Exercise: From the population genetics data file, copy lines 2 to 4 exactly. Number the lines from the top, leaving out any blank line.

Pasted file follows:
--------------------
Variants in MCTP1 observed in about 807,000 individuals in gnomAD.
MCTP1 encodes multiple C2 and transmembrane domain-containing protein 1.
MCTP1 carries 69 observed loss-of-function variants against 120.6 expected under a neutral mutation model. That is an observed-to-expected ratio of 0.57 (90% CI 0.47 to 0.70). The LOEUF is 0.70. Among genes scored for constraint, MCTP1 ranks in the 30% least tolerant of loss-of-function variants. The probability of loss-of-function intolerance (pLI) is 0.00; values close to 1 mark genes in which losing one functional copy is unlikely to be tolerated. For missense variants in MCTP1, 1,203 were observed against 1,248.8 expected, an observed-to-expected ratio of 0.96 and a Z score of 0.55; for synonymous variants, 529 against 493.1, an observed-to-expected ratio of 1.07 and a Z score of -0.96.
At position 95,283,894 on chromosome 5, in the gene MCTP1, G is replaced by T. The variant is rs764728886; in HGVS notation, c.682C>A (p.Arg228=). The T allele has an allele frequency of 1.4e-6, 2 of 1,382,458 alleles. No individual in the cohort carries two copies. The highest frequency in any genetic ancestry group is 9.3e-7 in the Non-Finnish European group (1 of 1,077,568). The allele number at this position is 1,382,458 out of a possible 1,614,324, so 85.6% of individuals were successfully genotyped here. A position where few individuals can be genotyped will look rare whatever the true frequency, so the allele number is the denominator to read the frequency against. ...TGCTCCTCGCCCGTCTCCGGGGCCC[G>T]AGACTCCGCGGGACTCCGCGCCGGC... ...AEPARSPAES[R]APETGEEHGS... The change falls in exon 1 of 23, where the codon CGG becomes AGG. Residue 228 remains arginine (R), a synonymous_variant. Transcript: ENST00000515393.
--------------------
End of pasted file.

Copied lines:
MCTP1 encodes multiple C2 and transmembrane domain-containing protein 1.
MCTP1 carries 69 observed loss-of-function variants against 120.6 expected under a neutral mutation model. That is an observed-to-expected ratio of 0.57 (90% CI 0.47 to 0.70). The LOEUF is 0.70. Among genes scored for constraint, MCTP1 ranks in the 30% least tolerant of loss-of-function variants. The probability of loss-of-function intolerance (pLI) is 0.00; values close to 1 mark genes in which losing one functional copy is unlikely to be tolerated. For missense variants in MCTP1, 1,203 were observed against 1,248.8 expected, an observed-to-expected ratio of 0.96 and a Z score of 0.55; for synonymous variants, 529 against 493.1, an observed-to-expected ratio of 1.07 and a Z score of -0.96.
At position 95,283,894 on chromosome 5, in the gene MCTP1, G is replaced by T. The variant is rs764728886; in HGVS notation, c.682C>A (p.Arg228=). The T allele has an allele frequency of 1.4e-6, 2 of 1,382,458 alleles. No individual in the cohort carries two copies. The highest frequency in any genetic ancestry group is 9.3e-7 in the Non-Finnish European group (1 of 1,077,568). The allele number at this position is 1,382,458 out of a possible 1,614,324, so 85.6% of individuals were successfully genotyped here. A position where few individuals can be genotyped will look rare whatever the true frequency, so the allele number is the denominator to read the frequency against. ...TGCTCCTCGCCCGTCTCCGGGGCCC[G>T]AGACTCCGCGGGACTCCGCGCCGGC... ...AEPARSPAES[R]APETGEEHGS... The change falls in exon 1 of 23, where the codon CGG becomes AGG. Residue 228 remains arginine (R), a synonymous_variant. Transcript: ENST00000515393.